China is very much in the news these days, but it can be difficult to tell how we got here. The Cultural Revolution was Mao's last hurrah and the backlash led to China's economic miracle. The reaction also led to the reforms that precipitated the Tienamen Square protests, to which President Xi Jinping's consolidation of power and renewed repression of dissidents is also a reaction. While I am explaining things, let me tell you that contrary to Chinese tradition, I am listing the family names of the authors in this post last, as we have them in the library. These books are all about life during the Cultural Revolution: not the movers and shakers, but the overwhelming majority, mostly in small cities and villages.
Ha Jin's collection of short stories, Under the Red Flag, deals with the residents of Dismount Fort and outlying areas. The characters are well-drawn, struggling with tradition and their own desires versus the directives of the Party. Whether it's following Grandma's dying wish or defending oneself from a rapist, the truth rarely has much to do with the official story. Jin shows a great deal of humanity as well as cynicism towards authority in these tales.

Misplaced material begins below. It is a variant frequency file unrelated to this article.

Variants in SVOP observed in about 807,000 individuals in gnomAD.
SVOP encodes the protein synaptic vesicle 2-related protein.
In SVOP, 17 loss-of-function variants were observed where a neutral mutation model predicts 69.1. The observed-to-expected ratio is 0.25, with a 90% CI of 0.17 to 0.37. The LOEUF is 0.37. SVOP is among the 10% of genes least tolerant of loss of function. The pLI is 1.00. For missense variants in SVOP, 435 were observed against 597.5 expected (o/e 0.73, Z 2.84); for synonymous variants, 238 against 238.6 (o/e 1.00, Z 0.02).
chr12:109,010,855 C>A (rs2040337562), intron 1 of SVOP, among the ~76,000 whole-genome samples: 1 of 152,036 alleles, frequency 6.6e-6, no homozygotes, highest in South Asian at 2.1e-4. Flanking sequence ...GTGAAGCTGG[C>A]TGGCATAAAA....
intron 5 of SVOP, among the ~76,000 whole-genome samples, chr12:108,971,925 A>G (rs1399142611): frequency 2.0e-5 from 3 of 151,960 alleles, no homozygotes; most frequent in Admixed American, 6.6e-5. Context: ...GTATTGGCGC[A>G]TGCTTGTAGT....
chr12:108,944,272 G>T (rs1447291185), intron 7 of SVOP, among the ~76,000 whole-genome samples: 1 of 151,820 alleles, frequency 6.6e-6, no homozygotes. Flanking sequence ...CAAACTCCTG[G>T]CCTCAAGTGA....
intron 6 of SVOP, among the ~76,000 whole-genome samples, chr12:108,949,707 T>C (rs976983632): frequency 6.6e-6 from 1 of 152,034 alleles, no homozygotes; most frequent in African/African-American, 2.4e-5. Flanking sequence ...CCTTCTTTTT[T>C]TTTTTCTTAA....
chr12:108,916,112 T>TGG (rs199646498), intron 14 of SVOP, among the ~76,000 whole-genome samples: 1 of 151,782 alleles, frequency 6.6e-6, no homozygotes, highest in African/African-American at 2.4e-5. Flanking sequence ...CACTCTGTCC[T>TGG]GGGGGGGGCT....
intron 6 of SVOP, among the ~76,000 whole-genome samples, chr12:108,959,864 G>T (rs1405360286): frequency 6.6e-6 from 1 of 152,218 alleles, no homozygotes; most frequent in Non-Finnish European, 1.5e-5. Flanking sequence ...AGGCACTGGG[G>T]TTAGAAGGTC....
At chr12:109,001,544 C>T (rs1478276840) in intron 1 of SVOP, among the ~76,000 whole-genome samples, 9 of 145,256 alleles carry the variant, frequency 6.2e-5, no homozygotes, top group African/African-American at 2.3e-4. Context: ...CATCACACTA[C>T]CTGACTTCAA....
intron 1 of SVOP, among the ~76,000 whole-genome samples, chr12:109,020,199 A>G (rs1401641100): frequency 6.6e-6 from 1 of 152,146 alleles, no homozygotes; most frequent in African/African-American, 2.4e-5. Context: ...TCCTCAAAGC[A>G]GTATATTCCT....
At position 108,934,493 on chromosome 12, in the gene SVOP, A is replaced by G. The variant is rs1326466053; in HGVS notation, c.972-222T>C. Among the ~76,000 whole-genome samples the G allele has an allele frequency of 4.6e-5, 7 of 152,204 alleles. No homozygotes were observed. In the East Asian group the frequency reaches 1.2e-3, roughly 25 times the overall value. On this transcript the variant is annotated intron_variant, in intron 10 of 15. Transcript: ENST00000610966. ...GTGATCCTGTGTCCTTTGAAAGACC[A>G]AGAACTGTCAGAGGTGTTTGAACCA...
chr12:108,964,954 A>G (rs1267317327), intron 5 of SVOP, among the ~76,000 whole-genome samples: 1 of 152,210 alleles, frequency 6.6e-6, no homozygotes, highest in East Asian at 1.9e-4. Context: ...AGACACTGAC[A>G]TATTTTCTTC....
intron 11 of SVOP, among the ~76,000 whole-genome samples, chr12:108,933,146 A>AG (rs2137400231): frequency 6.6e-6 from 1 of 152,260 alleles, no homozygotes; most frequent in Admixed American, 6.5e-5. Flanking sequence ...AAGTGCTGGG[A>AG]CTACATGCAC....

Youth and exuberance in the end are no match for the Party in Wei Su's The Invisible Valley. Cantonese Bei has been sent to the countryside for reeducation and is working as a cowherd when he falls in love with a nomad living outside the system. The mysteries of nature and other cultures are big themes in this frequently comic coming-of-age story.
Shaogong Han shows the triumph of language over oppression in the stylistically adventurous and critically acclaimed A Dictionary of Maqiao. Technically a collection of short stories, this is not a bad introduction to the culture and folkways of southern China. Many of these are character studies, but the author's love of language and its power are what shine through.
Short-listed for the Man Booker prize, The Boat to Redemption by Tong Su follows the misadventures of Dongliang through his adolescence. Choosing to follow his disgraced father into a group of river pirates, Dongliang develops an unrequited crush on an orphan girl who goes on to great but temporary success, leaving him behind. Hypocrisy is the usual (and very large) target of humor in this tragicomedy.
Remember the Cultural Revolution? Know other good books about it? Tell us in the comments.